Argentina's Macri Asks Congress to Support Holdout Deal

  • Macri agreed terms with holdouts from 2001 default on Sunday
  • President's supporters hold a minority in both chambers

Argentina’s President Mauricio Macri called for cross-party support Tuesday to end a dispute with disgruntled creditors that has been a drag on the economy for almost 15 years.

In a speech at the opening of Congress, Macri criticized the state of the economy he inherited from predecessor Cristina Fernandez de Kirchner and outlined plans for legislation including the removal of value added tax from basic goods and higher income tax brackets. He accused the Kirchner administration of lying about inflation and job creation, prompting heckles from the opposition who held up signs reprimanding his dismissal of state workers and plans to increase the country’s debt ratio.

“We’ve been in default since 2002 and in these months we’ve made the necessary steps to close this stage,” Macri said. “Now it’s up to this Congress to decide if we end this 15-year conflict. I’m confident that responsibility will prevail over rhetoric and that together we’ll build the necessary consensus.”

Macri, who won a tight runoff vote in November to end 12 years of government by Fernandez and her late husband Nestor Kirchner, is attempting to open up Argentina’s economy by reversing many of the Kirchners’ policies, even as his government holds a minority in both houses of Congress.

Economic Challenges

The president is seeking to close a fiscal deficit of 7 percent of gross domestic product and slow inflation of about 30 percent. So far, he has lifted currency controls and allowed the peso to float, while eliminating export tariffs and energy subsidies.

Top of Macri’s priorities in Congress will be to push through legislation to seal the accord with hold-out bondholders. Congress must repeal the so-called Lock Law, which prevents the nation from offering better conditions than those offered in the 2005 debt restructuring, and the Sovereign Payment law, introduced by Fernandez in 2014 to change the domicile of payment to Argentina from the U.S.

Argentina on Sunday agreed to terms with bondholders led by hedge fund billionaire Paul Singer over unpaid debts from its record $95 billion default in 2001. The deal calls for Argentina to pay $4.65 billion in cash to Singer’s Elliott Management and fellow hedge funds Aurelius Capital Management, Davidson Kempner and Bracebridge Capital, according to court-appointed mediator Daniel Pollack. Accords with other creditors will bring the total bill to about $15 billion, according to the government.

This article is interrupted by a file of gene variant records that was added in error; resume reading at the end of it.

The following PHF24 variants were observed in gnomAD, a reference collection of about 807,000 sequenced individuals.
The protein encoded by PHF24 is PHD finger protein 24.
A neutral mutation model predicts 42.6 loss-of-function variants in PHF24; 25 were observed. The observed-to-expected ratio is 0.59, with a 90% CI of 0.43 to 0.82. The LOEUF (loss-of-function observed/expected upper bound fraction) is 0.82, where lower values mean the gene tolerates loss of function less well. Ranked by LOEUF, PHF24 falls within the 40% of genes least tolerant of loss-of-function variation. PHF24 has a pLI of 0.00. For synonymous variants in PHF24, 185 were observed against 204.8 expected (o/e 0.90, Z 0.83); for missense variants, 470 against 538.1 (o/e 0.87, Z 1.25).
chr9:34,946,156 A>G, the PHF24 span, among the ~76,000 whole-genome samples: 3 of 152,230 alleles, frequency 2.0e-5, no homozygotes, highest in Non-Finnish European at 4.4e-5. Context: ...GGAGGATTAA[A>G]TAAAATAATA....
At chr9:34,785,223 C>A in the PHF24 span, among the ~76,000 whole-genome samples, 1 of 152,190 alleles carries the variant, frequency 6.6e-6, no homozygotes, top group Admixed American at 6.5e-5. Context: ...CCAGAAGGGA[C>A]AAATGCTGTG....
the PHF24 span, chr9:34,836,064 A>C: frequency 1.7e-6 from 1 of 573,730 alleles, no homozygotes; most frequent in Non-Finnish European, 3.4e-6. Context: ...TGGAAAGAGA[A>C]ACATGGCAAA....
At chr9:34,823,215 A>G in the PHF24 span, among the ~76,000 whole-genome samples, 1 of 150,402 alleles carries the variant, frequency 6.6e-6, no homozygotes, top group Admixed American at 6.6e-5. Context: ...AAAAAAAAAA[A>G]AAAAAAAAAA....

“This is a giant step forward in this long-running litigation, but not the final step,” Pollack said in a statement. Argentina must repeal the laws and pay the litigants by mid-April, although that deadline can be extended, Finance Minister Alfonso Prat-Gay said on Tuesday.

Temporary alliances

Macri has been bolstered by the splintering of the opposition Peronist party. A group of at least 18 lawmakers left the Peronist Victory front alliance this month, saying they wanted to form a “responsible” opposition bloc.

He has also sought to build temporary alliances with the more centrist members of the Peronist movement. Last month, he successfully negotiated with opposition lawmaker Sergio Massa, a former presidential candidate and leader of the dissident Peronist Renovation Front, a gradual repayment of federal taxes to the provinces that had been diverted to a state pension fund.

Macri has also extended olive branches to Juan Manuel Urtubey, governor of Salta province, and Rosana Bertone, governor of Tierra del Fuego province, by inviting them to accompany him to visit Pope Francis in Rome last weekend. The opposition Victory Front alliance has 42 out of 72 seats in the Senate, though only 12 of them are loyal to Fernandez, while the remaining 30 answer to Peronist governors who are reliant on Macri for funds, Pinedo said.

The legislation on debt repayments, which will be presented to Congress this week, should take four weeks to pass through both houses and be approved by late March or early April, Pinedo said.

The government has been in talks with opposition lawmakers and expects to
obtain a minimum of 45 votes in the Senate and between 130 and 140 votes in the lower house, Pinedo said.

“We believe we are in a position for this to be approved,” said senator Federico Pinedo, the provisional president of the Senate.

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